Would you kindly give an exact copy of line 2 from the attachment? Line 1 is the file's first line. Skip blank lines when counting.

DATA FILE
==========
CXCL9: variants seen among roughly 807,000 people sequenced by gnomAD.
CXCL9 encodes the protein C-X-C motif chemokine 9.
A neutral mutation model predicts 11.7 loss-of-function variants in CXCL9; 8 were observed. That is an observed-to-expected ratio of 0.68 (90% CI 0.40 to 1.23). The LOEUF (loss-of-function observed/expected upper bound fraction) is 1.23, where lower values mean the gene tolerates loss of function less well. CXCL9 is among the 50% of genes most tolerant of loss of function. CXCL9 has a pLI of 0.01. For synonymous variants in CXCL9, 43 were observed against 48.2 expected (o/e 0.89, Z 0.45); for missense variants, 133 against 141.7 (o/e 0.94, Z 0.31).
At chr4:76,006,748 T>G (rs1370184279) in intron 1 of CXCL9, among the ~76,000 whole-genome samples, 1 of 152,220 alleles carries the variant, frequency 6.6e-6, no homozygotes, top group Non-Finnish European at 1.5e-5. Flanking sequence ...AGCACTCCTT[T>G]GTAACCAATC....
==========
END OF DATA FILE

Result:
CXCL9 encodes the protein C-X-C motif chemokine 9.